Josiah Golson: Art Festival 

Allison Craft

Contributing Writer

Josiah Golson is a Chattanooga-based artist who uses his unique artistic voice to tackle social issues in a way that invites collaboration from the viewer. His work FESTIVAL is an installation piece that takes place in the Carlos Gallery in the University Art Building. The work consists of poetry, installation, and performance to tackle the complexity of identity. His piece will be on display from August 16 to October 13 this year, and he will have a reception and talk on September 18 at 5 p.m. Golson can be found on Instagram at @josiahgolson and on Twitter/X at @JosiahGolson. 

Josiah Golson creates art to share his story. He explains that there’s power in storytelling. A driving force for him is “What can happen if you don’t have the agency to have power over your own narrative,” he says. 

Golson’s experiences in law school at the University of Texas have shaped this work and his practice as a whole. He describes his relationship with music during this time as crucial. Going to South by Southwest, the underground music scene, was all part of a specific moment in his life. The way music is used to make sense of all of the emotions regarding youth helped create what FESTIVAL turned out to be: an exploration of how the private space of a bedroom can imitate the eclectic thoughts of a teenage music-lover.

He describes that transformation was essential in figuring out how this piece would come to fruition. He planned to capture something as fleeting as the experience of being a teenager and the way music shapes what helped create the unique FESTIVAL experience. He created a rich bedroom scenescape that was constantly changing to capture a moment in time. “Life is endless transformation.” Golson describes this when talking about transformation in his work.  He expresses that transformation is an important part of his practice as an artist as a whole.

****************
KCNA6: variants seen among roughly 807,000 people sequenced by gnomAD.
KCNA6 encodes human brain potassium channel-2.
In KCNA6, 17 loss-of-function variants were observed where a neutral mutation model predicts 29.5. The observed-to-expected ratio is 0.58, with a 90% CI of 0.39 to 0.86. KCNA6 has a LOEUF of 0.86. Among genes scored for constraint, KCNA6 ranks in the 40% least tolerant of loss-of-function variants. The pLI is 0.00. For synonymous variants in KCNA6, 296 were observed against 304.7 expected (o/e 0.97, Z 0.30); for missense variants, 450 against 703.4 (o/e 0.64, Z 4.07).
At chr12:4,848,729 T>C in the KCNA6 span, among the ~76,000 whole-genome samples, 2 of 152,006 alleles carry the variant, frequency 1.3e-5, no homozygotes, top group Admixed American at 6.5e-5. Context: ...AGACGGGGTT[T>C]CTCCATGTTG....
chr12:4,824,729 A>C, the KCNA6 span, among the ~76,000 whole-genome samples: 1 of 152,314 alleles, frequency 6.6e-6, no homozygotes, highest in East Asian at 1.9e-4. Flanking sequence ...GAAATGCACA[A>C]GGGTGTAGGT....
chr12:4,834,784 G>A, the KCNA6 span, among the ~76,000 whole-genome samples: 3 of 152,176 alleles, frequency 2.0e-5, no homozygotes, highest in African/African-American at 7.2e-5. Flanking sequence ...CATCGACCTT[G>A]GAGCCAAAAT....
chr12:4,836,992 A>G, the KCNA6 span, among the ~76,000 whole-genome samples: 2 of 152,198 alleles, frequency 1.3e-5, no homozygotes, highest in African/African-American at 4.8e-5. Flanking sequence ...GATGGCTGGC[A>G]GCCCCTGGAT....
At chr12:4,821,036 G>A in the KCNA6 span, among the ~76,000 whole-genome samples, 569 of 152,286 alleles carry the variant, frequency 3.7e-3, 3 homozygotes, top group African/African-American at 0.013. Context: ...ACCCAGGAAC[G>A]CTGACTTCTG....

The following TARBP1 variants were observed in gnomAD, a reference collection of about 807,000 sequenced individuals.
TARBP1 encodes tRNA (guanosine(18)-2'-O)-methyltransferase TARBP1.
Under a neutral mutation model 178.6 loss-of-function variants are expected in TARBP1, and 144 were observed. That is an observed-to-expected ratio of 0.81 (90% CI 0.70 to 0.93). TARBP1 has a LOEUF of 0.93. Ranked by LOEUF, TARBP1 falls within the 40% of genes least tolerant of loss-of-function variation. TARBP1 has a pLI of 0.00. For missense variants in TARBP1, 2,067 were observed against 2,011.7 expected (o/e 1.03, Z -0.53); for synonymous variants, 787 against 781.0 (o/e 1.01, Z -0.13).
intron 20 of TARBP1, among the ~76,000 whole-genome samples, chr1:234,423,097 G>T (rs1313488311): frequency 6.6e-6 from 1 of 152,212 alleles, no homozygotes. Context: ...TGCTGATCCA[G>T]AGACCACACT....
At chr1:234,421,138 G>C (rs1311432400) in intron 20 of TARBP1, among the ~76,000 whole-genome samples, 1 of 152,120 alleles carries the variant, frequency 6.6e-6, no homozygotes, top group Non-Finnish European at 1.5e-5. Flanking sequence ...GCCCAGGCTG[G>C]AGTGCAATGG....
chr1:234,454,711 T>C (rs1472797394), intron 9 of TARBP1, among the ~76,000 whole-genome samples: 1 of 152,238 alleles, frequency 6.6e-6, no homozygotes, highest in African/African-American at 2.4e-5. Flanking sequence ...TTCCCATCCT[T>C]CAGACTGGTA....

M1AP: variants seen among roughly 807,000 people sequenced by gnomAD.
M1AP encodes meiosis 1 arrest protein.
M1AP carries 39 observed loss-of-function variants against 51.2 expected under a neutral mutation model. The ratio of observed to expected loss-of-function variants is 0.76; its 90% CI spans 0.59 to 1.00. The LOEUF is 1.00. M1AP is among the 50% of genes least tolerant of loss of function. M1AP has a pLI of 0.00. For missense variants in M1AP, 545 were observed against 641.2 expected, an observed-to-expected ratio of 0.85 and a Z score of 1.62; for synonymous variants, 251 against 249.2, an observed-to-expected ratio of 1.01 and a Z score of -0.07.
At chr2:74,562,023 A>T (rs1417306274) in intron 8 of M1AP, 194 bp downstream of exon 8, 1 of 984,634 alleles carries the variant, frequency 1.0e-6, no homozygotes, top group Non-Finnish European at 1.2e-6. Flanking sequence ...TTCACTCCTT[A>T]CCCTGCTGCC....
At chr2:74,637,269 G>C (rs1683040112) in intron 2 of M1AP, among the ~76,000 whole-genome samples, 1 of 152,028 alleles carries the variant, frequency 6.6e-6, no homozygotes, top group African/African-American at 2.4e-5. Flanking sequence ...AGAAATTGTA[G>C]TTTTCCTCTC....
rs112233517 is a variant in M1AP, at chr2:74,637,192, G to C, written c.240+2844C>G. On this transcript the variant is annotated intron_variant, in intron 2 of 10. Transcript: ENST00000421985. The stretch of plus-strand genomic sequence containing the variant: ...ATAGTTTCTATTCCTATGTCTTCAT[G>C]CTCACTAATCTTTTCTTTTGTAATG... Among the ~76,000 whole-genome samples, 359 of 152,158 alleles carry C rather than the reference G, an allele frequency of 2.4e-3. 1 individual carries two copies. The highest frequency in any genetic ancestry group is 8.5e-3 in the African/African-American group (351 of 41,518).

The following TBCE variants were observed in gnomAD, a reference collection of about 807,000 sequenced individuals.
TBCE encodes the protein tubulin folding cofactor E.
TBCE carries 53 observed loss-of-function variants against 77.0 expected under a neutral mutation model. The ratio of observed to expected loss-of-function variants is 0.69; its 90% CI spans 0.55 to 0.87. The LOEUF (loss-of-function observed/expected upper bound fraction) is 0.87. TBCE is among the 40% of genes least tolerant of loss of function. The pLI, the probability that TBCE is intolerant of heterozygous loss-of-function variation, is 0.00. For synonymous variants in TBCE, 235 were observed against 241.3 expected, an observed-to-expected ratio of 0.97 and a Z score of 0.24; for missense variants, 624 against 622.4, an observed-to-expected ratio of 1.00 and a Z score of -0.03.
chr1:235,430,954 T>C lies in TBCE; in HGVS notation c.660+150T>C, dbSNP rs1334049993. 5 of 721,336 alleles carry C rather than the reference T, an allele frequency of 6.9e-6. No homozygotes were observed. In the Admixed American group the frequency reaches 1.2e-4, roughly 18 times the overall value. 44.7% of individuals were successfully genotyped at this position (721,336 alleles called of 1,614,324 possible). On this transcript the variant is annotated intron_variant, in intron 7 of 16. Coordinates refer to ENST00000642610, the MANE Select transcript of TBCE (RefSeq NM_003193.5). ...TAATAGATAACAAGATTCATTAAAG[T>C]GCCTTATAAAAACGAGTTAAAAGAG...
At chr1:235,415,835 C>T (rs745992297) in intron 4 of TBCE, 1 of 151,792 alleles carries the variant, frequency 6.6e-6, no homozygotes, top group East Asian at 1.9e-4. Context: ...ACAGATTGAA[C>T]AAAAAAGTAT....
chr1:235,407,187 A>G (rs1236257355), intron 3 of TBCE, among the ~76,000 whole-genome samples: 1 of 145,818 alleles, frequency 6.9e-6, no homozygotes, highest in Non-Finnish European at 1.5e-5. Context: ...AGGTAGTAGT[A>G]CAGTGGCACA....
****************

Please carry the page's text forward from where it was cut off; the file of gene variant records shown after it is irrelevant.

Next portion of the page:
For aspiring artists, Golson recommends to just “embrace your time” and to “develop the practice of listening.” He encourages young people, especially artists, to live in the moment. During the hustle and bustle of youth that’s something that’s easy to lose.

When interviewing art professor, Jessica Wohl, about her opinions regarding the work, she expressed excitement at the opportunity of hearing Golson’s perspective.“It brings some voices into classrooms that widen the conversation,” Wohl said. She also mentioned how a lot of the artists that present work in this space are regional. This exploration of work from close communities provides students with inspiring art and artists that they can actually talk to and meet. “I think the work is extremely accessible,” Wohl continued when asked about her feelings about the work itself. The imagery of a teenage bedroom is a familiar memory to the college students of Sewanee and creates a narrative that’s relatable but still exciting.

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